(Bloomberg) — Medicare paid about 4,000 medical professionals more than $1 million apiece in 2012, according to Centers for Medicare & Medicaid Services (CMS).
The Medicare program paid seven providers more than $10 million in 2012, the program paid one Florida ophthalmologist $21 million.
CMS included those figures in a database released this morning.
The database shows exactly what Medicare paid in 2012 to about 880,000 doctors and other care providers. The database lists the providers by name and covers $77 billion in payments.
Medicare paid an average of just $77,000 per provider.
The average was highest for cancer doctors specializing in blood work and radiation. They averaged about $360,000 in annual Medicare revenue.
The Obama administration decided last week to make all payment information public, excluding for privacy purposes cases in which doctors performed procedures on fewer than 11 patients.
Consumers can now see aggregate sums paid to a doctor, how that amount compares to their peers and which doctors made the most from the program. They can also see the type and how many procedures a doctor billed Medicare for.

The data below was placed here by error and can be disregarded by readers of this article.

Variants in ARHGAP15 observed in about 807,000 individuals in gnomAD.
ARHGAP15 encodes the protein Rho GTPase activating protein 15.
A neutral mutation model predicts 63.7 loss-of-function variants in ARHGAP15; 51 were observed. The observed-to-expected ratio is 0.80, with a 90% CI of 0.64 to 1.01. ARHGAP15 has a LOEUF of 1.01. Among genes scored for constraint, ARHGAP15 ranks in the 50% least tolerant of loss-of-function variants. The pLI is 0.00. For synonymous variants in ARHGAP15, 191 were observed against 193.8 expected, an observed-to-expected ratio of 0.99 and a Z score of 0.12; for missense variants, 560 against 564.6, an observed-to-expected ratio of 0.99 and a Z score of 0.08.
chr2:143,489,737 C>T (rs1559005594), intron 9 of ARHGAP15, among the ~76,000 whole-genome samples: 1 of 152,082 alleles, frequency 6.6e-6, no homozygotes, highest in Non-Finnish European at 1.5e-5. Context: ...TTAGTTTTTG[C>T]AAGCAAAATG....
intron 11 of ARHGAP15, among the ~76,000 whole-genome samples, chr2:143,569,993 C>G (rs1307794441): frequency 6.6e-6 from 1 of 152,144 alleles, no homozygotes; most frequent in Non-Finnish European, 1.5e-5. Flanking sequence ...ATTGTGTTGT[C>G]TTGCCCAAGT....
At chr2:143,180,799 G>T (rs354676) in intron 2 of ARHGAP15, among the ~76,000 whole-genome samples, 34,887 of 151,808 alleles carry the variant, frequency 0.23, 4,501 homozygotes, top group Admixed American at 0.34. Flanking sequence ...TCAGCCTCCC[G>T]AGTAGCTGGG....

Also included were payments to laboratories, group practices, ambulance services, and mobile X-ray providers. Multiple entities with Quest Diagnostics in their names collected a total of $669 million from Medicare, and listings for Laboratory Corporation of America Holdings totaled $717 million. The figures generally are totaled by location, not by parent company, so it’s not possible to be certain that all those with a common name are owned by the same company.
California and Florida received the largest payments with each getting more than $7 billion from Medicare followed by Texas and New York, with $5 billion a piece.
While drug and hospital costs have been scrutinized, less attention has been paid to doctors’ fees, which accounted for about 12 percent of Medicare’s budget in 2012. Making the data available may allow the public and researchers to better identify fraud and waste by doctors in the $604 billion Medicare system.
The data release has been lauded by consumer groups seeking to spotlight possible fraud or overuse and criticized by physicians, including the American Medical Association, whose head has said misinterpretation could ruin doctors’ careers.